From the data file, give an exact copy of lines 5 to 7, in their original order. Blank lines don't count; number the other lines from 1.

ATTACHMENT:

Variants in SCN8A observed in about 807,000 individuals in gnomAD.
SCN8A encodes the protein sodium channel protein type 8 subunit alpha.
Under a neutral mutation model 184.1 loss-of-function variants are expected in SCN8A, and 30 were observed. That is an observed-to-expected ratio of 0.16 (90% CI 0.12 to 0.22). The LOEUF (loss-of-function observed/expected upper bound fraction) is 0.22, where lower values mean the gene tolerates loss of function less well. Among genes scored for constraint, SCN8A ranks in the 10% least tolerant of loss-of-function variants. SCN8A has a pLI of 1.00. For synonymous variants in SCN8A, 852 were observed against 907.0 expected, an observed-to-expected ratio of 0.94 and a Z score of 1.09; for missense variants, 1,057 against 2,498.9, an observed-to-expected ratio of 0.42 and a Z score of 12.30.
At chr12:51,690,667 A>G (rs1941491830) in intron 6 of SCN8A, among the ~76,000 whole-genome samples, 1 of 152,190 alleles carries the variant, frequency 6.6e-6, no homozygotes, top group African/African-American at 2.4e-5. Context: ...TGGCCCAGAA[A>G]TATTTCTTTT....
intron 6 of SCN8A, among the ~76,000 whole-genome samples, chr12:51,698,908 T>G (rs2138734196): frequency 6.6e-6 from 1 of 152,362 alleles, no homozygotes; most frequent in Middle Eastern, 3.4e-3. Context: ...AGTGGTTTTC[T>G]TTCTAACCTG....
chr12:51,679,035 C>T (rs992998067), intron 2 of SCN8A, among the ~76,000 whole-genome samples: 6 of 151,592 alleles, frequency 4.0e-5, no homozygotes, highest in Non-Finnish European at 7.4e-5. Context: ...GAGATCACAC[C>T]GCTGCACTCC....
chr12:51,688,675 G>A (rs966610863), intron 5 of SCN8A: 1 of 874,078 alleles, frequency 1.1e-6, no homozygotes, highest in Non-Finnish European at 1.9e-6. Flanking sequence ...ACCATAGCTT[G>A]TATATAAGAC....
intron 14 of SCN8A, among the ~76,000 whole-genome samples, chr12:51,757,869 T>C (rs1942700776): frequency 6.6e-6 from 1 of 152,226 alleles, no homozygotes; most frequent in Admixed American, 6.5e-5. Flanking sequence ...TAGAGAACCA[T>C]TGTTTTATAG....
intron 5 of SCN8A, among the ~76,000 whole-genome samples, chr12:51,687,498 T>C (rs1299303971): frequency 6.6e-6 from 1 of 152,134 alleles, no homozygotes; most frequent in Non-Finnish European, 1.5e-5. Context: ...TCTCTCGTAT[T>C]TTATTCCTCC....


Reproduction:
intron 6 of SCN8A, among the ~76,000 whole-genome samples, chr12:51,698,908 T>G (rs2138734196): frequency 6.6e-6 from 1 of 152,362 alleles, no homozygotes; most frequent in Middle Eastern, 3.4e-3. Context: ...AGTGGTTTTC[T>G]TTCTAACCTG....
chr12:51,679,035 C>T (rs992998067), intron 2 of SCN8A, among the ~76,000 whole-genome samples: 6 of 151,592 alleles, frequency 4.0e-5, no homozygotes, highest in Non-Finnish European at 7.4e-5. Context: ...GAGATCACAC[C>T]GCTGCACTCC....
chr12:51,688,675 G>A (rs966610863), intron 5 of SCN8A: 1 of 874,078 alleles, frequency 1.1e-6, no homozygotes, highest in Non-Finnish European at 1.9e-6. Flanking sequence ...ACCATAGCTT[G>A]TATATAAGAC....